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The hottest technology stories this year included news of a novel presbyopia-correcting IOL, what physicians should now about Google and Alcon’s smart lens technology, and a computer-animated model that helps understand accommodation and presbyopia.
This fall, we published a story that discussed a new presbyopia-correcting IOL which has a novel optic combining two complementary diffractive technologies. Results from bench and clinical testing showed it provides a full range of continuous, high-quality vision, minimizes dysphotopsias, and may be more tolerant to refractive errors than multifocal IOLs.
Ophthalmology Times Editorial Advisory Board Member Ernest W. Kornmehl, MD, explained why he thinks this technology was so groundbreaking this year.
“This important new technology will be of great benefit to our patients if these results are consistent with a broad clinical experience,” he said.
This story broke down what physicians need to know about smart lens technology from Alcon and Google.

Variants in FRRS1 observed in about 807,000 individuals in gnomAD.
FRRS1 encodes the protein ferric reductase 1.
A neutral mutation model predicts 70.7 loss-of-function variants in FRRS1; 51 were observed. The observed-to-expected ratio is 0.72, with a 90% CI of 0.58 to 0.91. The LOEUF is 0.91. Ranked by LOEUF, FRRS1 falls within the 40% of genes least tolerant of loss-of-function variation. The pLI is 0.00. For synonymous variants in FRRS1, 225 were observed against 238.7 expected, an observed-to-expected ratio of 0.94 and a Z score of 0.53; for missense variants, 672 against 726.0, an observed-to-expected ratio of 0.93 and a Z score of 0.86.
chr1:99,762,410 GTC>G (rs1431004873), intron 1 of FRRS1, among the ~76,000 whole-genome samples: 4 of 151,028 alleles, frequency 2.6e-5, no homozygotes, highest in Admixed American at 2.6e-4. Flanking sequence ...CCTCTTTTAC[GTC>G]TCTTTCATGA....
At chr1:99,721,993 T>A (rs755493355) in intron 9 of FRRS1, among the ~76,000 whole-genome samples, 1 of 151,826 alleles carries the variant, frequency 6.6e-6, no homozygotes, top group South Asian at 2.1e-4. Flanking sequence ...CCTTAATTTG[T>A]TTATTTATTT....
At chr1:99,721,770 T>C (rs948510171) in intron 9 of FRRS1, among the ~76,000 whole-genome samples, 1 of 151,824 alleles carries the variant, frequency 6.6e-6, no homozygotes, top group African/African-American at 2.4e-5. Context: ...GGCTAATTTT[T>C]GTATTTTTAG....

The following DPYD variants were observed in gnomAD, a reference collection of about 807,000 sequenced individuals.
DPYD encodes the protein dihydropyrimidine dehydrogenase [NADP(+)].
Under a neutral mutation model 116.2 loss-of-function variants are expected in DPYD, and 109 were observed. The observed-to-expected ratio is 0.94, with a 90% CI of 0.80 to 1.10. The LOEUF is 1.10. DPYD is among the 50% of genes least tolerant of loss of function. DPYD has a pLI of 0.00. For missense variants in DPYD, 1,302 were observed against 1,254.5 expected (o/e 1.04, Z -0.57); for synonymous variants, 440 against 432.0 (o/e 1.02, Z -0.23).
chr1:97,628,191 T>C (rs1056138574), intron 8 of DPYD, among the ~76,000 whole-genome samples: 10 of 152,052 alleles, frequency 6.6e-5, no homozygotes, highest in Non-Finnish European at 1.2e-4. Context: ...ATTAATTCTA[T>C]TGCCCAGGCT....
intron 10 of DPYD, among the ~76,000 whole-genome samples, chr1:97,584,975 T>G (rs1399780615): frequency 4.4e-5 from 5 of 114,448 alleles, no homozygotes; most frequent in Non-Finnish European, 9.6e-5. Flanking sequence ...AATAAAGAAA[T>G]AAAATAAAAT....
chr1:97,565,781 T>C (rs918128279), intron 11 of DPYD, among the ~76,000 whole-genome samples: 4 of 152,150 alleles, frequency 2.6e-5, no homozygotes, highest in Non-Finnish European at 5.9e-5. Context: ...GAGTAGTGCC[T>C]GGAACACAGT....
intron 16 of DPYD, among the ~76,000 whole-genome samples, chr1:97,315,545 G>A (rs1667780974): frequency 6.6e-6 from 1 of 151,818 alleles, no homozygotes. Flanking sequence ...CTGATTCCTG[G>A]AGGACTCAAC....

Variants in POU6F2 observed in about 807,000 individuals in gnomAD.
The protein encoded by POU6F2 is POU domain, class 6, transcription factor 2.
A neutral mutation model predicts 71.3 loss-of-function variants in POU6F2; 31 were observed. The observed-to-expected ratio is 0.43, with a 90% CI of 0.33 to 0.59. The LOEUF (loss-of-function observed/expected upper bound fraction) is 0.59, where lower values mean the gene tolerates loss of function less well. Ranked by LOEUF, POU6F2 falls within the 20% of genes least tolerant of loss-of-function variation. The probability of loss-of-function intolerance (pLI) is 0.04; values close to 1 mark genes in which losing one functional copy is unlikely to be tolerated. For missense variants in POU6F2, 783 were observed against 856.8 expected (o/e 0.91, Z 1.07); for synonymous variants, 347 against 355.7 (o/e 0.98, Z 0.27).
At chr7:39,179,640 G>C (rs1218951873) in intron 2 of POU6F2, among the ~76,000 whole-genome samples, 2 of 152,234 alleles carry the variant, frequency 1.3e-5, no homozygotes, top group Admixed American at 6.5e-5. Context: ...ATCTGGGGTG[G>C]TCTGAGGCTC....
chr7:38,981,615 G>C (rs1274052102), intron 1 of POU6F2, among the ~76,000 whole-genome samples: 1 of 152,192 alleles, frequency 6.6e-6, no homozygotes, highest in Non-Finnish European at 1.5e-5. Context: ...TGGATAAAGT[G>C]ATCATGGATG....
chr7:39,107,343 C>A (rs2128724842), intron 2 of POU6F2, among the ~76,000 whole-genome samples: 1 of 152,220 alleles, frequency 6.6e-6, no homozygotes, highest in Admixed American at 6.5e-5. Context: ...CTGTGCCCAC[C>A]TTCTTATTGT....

Ophthalmology Times Editorial Advisory Board Member Uday Devgan, MD shared why he believes this story was popular this year.
“Ophthalmology, one of the most technologically advanced fields in medicine, is constantly evolving to provide our patients with better vision and quality of life,” he said. “Periodically, there are revolutionary advances in technology which transform the way that we help our patients see the world.
“It has been said that often the only constant is change and ophthalmology has certainly lived up to that maxim,” Dr. Devgan explained. “The way that we help our patients now is significantly better compared to just a decade or two ago. And I expect the future progress in technology to be even more dramatic.”
In this fall story, we examined a new version of a model of the mechanism of accommodation-showing how anatomic structures interconnect-enhances understanding of zonular architecture.
“This work is an important step towards a more accurate and complete understanding of accommodation. Hopefully, this will lead to better management options for presbyopia,” commented Ophthalmology Times Editorial Advisory Board Member Ken Greenberg, MD.